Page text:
Mar 6, 2013, 9:23 AM EDT
SURPRISE, Ariz. — When I was columnist for The Kansas City Star, I would write an annual column where I predicted the Kansas City Royals to win the division. It wasn’t quite an inside joke … and it certainly wasn’t a serious prediction. It was, instead, my best effort to capture a little bit of spring hope in a baseball town that had been beaten up over the years. It’s that time of year for baseball hope. Every player is in the best shape of his life. Every manager is thinking pennant. Every fan is imagining that this will be the year this guy hits 25 homers and that guy strikes out 200 and the other guy gets 30 saves.
I think that’s the whole point with March baseball. The season — and grim reality — will come soon enough.
Well, the problem with writing the Royals’ hope column in the late 1990s and throughout the 2000s was simply that it was really hard to come up with an even remotely plausible scenario where Kansas City won anything. They always needed so many crazy things to happen. They would need Chad Durbin and Jimmy Gobble to become stars. They would need Reggie Sanders or Juan Gonzalez to hold off the hands of time. They would need to win every single one-run game they played and to suddenly become a great fielding team and to magically start getting on base more.
After a while, I referred to it as “hitting on 20 in blackjack” hope. If you hit on 20 in blackjack, you might — MIGHT — draw the ace and win. It could happen. But it’s no way to go through life.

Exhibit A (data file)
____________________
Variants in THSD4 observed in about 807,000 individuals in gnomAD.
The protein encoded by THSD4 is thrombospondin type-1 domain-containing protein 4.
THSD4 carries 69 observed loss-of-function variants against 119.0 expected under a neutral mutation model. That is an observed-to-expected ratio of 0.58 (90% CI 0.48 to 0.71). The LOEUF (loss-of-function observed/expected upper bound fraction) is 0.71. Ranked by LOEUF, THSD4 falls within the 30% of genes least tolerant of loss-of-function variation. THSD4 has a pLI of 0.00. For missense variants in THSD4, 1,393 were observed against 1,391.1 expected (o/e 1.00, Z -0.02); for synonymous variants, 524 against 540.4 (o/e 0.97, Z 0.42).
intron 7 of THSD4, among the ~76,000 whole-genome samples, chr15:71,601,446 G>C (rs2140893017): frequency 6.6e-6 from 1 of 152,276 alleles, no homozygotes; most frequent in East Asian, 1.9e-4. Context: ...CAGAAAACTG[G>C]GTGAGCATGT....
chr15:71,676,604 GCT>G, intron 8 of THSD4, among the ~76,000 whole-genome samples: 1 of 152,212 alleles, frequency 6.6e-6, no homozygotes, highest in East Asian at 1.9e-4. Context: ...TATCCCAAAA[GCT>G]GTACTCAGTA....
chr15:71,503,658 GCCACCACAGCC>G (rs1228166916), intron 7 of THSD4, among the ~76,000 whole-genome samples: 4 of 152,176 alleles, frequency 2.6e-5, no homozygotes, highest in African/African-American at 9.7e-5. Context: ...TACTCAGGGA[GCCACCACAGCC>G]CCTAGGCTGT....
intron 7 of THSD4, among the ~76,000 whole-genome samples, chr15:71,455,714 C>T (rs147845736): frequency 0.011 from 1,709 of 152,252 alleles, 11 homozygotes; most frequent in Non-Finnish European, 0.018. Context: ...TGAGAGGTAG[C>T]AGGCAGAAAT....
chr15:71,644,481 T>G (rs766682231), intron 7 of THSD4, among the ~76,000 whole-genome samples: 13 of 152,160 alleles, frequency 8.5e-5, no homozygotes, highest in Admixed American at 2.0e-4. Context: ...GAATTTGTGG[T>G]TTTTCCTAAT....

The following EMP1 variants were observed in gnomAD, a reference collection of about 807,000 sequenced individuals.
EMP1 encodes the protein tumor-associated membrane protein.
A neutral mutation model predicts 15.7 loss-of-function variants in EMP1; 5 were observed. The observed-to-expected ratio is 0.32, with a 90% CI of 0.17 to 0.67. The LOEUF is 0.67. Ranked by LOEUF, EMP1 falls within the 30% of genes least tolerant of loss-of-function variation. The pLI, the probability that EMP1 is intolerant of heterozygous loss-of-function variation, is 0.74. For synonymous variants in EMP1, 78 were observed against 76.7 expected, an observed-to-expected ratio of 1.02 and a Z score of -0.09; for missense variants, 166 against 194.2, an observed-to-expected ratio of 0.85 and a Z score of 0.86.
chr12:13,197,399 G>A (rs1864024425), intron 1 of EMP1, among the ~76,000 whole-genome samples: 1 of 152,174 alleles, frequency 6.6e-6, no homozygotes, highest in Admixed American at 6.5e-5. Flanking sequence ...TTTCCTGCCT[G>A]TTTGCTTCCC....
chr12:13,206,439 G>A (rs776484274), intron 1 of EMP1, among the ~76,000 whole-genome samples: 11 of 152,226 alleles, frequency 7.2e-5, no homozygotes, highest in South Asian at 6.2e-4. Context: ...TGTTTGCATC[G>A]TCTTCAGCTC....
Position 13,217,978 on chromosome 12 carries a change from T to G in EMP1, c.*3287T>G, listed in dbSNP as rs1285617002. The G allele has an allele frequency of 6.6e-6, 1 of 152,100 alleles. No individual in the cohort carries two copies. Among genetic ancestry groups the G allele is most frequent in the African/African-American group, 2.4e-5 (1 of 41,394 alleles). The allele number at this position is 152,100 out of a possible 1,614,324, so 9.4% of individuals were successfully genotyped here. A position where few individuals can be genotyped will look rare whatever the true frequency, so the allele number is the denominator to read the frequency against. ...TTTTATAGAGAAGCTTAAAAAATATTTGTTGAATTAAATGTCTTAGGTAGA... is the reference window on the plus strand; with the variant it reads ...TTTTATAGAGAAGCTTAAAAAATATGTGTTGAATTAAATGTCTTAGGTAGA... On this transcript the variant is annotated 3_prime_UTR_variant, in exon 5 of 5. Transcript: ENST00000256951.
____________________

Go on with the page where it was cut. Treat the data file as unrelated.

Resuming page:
This year — warning: I’m about to break one of my major rules about baseball analysis and quote a spring training statistic — the Royals are unbeaten. They tied their first game of spring training (which, in itself, tells you how meaningless this all is) and they have won every game since. They pounded a split-squad Oakland team on Tuesday — battering the shell of Bartolo Colon for four runs in the first inning — to make it 10 victories in a row. “Everybody’s contributing,” Royals manager Ned Yost said after the game. “That makes it fun.”
Now, let me make this clear: I believe this 10-game spring training winning streak means almost exactly nothing. It means about as much as an NBA player making 20 three-pointers in a row during warmups or an NFL kicker making a 68-yard field goal in pre-game. It might buoy the confidence a bit. It might sell a couple more early season tickets. It might help create a more positive atmosphere in the clubhouse. But that’s it. The Royals began last year by losing their first 10 home games in the regular season — THAT means something.
But … hey winning 10 in a row is better than losing 10 in a row. And there is something exciting about this team. That exciting thing is, paradoxically, something kind of boring: For the first time in what seems like forever, the Royals don’t enter a season needing miracles. They don’t need some crazy-good year from Emil Brown or Dan Reichert, they don’t need supernatural comebacks from Chuck Knoblauch or Jose Lima, they don’t need for anybody to transform into one of the Avengers. Few are expecting the Royals to really compete for a playoff spot this year … and they might not. But for the first time in forever, they COULD compete without an inconceivable series of magic tricks and freak occurrences and James Bond luck.